Which Joe gave his name to ‘sloppy joes’? We look at five interesting sandwiches and their lexical origins.
with object In Roman-Dutch law: to accept (an inheritance) as an heir or (in South Africa) a beneficiary of a will.
Mid 19th century. Irregularly from classical Latin adīre to approach, to come into (an inheritance) + -ate, apparently after Dutch † adiëren, itself originally formed after aditie. Compare the older Dutch legal terms aangaan to accept (an inheritance), specific use (now disused) of aangaan to begin, to undertake, lit. ‘to go towards’ and aanvaarden to undertake, to take possession of, lit. ‘to travel towards’ (Middle Dutch anevaerden, aenvaerten).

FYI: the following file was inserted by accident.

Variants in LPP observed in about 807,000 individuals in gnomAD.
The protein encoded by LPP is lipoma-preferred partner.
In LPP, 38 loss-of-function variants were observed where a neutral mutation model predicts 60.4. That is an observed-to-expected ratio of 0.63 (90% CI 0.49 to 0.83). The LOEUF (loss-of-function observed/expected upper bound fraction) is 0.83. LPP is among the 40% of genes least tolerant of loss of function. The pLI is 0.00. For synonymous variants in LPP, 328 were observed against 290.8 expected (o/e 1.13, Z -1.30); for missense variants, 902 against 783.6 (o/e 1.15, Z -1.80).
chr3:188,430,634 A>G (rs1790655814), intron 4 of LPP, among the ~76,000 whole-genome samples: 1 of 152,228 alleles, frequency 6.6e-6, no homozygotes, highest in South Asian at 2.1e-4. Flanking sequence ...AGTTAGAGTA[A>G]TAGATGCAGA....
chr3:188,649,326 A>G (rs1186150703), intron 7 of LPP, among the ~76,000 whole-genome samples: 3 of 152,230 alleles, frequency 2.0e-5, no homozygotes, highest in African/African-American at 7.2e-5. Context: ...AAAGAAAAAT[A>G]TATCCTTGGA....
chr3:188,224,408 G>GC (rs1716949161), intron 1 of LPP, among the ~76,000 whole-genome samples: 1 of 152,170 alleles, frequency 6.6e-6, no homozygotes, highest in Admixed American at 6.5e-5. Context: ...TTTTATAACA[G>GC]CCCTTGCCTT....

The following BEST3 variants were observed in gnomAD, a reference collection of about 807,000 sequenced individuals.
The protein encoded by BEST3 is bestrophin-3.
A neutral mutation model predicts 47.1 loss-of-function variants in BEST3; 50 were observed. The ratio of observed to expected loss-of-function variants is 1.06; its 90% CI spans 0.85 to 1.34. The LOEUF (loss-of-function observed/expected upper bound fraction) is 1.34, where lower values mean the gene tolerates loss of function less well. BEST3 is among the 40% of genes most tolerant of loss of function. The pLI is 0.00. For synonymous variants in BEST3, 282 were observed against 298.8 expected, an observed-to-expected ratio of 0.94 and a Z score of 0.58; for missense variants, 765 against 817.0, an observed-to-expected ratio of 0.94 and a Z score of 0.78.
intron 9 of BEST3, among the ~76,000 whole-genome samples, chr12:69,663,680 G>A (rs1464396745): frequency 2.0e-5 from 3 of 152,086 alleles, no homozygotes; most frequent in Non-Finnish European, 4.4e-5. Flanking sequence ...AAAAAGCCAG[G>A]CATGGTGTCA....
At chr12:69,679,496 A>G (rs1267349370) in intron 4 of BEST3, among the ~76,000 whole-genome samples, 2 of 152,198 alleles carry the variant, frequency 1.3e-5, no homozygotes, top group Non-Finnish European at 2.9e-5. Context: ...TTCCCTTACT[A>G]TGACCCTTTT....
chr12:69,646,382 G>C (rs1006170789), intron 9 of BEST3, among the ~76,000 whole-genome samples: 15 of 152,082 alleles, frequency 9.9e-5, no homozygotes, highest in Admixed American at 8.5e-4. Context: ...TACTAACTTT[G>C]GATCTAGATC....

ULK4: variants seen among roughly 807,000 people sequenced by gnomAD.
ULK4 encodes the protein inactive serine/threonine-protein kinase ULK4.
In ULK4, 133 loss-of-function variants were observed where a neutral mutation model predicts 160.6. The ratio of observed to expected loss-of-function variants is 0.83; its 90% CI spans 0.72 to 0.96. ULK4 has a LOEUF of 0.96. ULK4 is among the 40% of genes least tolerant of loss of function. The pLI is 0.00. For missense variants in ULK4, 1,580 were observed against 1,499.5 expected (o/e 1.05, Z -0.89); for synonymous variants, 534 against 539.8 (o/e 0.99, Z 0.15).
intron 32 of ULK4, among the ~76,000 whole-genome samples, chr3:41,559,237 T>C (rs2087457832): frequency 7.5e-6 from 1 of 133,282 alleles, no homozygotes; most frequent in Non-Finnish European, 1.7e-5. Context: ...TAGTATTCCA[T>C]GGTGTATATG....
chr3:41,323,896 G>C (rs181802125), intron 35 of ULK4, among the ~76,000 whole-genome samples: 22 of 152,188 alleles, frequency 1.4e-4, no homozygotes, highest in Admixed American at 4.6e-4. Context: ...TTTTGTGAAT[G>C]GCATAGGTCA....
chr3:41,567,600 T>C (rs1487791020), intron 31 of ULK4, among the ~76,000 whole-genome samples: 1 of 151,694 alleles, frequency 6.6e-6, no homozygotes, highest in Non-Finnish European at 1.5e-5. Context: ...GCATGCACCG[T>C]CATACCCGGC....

We take a look at several popular, though confusing, punctuation marks.
From Afghanistan to Zimbabwe, discover surprising and intriguing language facts from around the globe.
The definitions of ‘buddy’ and ‘bro’ in the OED have recently been revised. We explore their history and increase in popularity.